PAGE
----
The Cancer Card

Hear us talk about the cancer card in this mini episode.

  • Have fun with the cancer card.

  • If you use it strategically and excessively, people will stop with the sad eyes because you are too ridiculous.

  • Use it to spend time with people you love and who bring you up.

  • When people offer you cancer perks, accept with grace.

  • People want to help you. You need help. Let them help you.

  • Say yes more than you say no, especially if it is no effort on your part.

Allie has it: ALL!

We talk with Allie about the blood cancer ALL.

  • "ALL" means “ALL the time in the hospital”… or “Acute Lymphoblastic Leukemia.”
  • If you feel weirdly tired all the time, or have bruises that don't go away, or eye bleeds, maybe go to a doctor.
  • Doctors need to make sure you aren’t alone when they are calling with a cancer diagnosis.
  • Massachusetts General Hospital has some great views from inpatient rooms.
  • You used to get sick before, and then you used to get better. And it was (usually) ok.
  • Learn to advocate for yourself, or choose a caregiver from New York.
  • Trust yourself if you know something is wrong, and be pushy.
  • Get your flu shot.

Cancer Semantics: What Do We Call Ourselves

Listen to us talk about all the labels you can have during and after cancer treatment.

  • Cancer words are negative words; your 2.0 was forged in the fire of cancer, but your new identity is not "cancer."
  • You might never feel like a "hero" or a "survivor".
  • Fighter implies all sorts of things, like you are at war with your own cells.
  • Doctors often won’t say: "You are in remission." 
  • Pay attention to how you talk about your cancer and yourself. 

Hair and Losing It

We discuss our hair loss, regrowth and what made it easier.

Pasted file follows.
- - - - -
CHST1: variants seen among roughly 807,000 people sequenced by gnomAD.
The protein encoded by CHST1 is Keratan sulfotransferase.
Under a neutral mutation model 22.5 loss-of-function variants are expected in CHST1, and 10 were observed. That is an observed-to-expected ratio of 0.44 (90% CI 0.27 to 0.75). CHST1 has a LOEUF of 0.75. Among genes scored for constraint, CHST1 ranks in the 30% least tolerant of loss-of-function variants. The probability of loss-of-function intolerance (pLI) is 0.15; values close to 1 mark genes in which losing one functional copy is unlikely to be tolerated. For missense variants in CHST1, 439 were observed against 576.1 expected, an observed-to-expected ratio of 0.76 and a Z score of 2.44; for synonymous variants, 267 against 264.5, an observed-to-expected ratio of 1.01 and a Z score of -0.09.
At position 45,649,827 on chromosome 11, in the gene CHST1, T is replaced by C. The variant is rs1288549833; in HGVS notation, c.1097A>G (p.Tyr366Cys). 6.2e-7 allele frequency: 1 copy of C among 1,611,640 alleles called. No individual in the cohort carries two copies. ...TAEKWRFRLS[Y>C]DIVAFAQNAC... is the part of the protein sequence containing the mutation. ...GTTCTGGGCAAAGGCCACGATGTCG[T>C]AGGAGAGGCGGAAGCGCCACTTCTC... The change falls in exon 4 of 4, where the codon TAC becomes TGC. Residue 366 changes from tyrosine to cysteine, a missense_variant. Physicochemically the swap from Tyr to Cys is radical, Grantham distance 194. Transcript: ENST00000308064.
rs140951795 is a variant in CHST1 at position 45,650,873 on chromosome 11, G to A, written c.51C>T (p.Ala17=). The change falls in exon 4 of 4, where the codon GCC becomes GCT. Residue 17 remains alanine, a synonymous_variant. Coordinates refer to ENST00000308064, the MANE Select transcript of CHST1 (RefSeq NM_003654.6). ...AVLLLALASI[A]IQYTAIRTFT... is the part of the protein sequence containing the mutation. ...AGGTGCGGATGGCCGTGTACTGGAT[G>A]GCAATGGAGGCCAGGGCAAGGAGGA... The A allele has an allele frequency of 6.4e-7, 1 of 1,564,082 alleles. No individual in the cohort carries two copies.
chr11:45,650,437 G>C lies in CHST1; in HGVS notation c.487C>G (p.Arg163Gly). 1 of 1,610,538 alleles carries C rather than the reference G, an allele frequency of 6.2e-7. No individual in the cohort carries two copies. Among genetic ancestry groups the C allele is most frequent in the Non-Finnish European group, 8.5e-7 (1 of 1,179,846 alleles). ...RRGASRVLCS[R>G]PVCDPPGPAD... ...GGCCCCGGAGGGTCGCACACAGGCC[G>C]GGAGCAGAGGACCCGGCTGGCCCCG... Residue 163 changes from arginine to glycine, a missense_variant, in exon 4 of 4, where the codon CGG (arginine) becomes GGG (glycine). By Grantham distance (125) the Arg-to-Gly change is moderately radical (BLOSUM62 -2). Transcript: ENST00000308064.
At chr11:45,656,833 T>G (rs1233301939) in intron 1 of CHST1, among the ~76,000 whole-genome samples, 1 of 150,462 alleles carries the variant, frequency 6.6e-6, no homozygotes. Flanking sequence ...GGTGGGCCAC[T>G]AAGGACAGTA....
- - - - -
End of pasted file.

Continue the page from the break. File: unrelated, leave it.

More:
• Your scalp is going to be tender.
  • Up your makeup game: brow pencils, eyeliner or false eyelashes. 
  • Glasses and sunglasses can camoflauge.
  • Explore your options: colored wigs, scarves, turbans, etc.
  • Bald is an intense, powerful look.
  • Get a soft sleeping cap and a slippery pillow case.
  • Penguin cold caps probably work.
  • Latisse can help, but will probably stain your skin.
  • Your hair will be different every day.
  • Embrace the seasons, and get comfortable with unintentional hairstyles.
  • Find a great hairdresser for your complicated regrow.
  • Choose how to frame this experience.

Dating After Cancer

We talk about dating and sex after cancer.

  • Dating after cancer problems are dating problems--just magnified.
  • Breakups are super common. 
  • Any sex problems are either short-term or largely fixable.
  • Ask your doctors/nurses/social workers about resources at your hospital.
  • Own your story, think about your story, and practice telling your story with your friends.
  • You don't have to tell a date everything all at once.
  • Your 2.0 is different than before. Get to know your new, rejuvenated, cancer-free self.
  • The first rule of googlestalking is you do not talk about googlestalking.
  • Don't suggest that your date guess which boob was mastectomied, or find someone who thinks that's as funny as you do.

Psychological Changes

We talk about psychological changes, and how to deal with adventures in new disorders.

  • Everyone is depressed and anxious when you hear about the cancer.
  • Mania is common: Maybe channel it into something productive-ish?
  • Insomnia makes you crazy. Do what you have to for a good night’s sleep a few times a week.